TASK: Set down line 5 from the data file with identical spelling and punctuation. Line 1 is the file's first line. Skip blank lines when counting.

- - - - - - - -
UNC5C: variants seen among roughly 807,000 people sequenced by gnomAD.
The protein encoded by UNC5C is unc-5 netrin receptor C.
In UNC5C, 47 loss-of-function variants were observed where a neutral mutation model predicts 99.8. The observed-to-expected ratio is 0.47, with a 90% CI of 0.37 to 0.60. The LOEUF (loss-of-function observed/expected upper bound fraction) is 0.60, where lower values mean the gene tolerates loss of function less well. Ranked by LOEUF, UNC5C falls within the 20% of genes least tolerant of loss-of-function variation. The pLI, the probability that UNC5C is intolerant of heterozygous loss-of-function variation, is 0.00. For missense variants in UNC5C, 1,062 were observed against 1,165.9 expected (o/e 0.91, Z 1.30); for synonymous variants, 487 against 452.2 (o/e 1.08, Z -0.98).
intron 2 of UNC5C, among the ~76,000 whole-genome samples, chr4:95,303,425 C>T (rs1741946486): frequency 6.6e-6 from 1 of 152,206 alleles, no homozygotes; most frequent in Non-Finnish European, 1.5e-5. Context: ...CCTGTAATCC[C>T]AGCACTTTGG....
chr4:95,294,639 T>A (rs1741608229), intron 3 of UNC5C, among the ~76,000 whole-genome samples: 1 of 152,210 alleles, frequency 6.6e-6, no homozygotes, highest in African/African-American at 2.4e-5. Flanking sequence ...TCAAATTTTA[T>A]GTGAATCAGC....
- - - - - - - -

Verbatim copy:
chr4:95,294,639 T>A (rs1741608229), intron 3 of UNC5C, among the ~76,000 whole-genome samples: 1 of 152,210 alleles, frequency 6.6e-6, no homozygotes, highest in African/African-American at 2.4e-5. Flanking sequence ...TCAAATTTTA[T>A]GTGAATCAGC....